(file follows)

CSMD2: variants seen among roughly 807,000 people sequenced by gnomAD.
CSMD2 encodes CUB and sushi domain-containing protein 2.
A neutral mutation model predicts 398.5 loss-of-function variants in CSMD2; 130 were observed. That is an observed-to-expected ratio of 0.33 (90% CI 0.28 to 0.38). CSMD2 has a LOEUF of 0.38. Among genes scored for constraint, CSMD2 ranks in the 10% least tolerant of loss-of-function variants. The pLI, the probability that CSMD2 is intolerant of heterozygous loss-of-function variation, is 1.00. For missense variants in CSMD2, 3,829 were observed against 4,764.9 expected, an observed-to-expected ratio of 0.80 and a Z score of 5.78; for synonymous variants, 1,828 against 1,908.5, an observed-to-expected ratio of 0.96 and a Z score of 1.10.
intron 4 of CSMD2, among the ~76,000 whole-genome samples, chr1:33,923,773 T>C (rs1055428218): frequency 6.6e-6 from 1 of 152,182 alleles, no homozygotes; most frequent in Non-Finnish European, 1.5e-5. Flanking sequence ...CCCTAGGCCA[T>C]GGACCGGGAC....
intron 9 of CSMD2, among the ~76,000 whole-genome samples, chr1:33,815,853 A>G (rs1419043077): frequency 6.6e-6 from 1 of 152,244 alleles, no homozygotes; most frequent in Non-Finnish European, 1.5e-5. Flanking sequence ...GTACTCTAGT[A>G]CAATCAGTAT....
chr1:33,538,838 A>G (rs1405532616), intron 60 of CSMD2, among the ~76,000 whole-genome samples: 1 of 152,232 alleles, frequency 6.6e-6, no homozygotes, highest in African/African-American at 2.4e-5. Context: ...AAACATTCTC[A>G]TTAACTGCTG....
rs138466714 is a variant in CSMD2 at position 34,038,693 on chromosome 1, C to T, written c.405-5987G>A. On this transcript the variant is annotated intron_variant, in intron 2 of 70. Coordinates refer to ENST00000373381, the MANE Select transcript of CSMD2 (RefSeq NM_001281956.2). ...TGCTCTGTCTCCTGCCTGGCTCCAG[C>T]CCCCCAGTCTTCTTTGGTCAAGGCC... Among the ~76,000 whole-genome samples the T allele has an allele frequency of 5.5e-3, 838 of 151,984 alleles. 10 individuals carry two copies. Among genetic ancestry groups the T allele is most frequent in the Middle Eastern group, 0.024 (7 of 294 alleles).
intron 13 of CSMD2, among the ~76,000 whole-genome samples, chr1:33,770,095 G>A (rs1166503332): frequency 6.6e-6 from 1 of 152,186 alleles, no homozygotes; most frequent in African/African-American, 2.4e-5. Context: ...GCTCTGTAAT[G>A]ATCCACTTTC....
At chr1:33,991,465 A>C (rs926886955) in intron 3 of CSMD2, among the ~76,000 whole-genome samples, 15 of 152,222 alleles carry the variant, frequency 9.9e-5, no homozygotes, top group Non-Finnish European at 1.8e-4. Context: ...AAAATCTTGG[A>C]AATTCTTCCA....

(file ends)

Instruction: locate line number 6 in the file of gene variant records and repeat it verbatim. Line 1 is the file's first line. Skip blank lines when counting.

chr1:33,538,838 A>G (rs1405532616), intron 60 of CSMD2, among the ~76,000 whole-genome samples: 1 of 152,232 alleles, frequency 6.6e-6, no homozygotes, highest in African/African-American at 2.4e-5. Context: ...AAACATTCTC[A>G]TTAACTGCTG....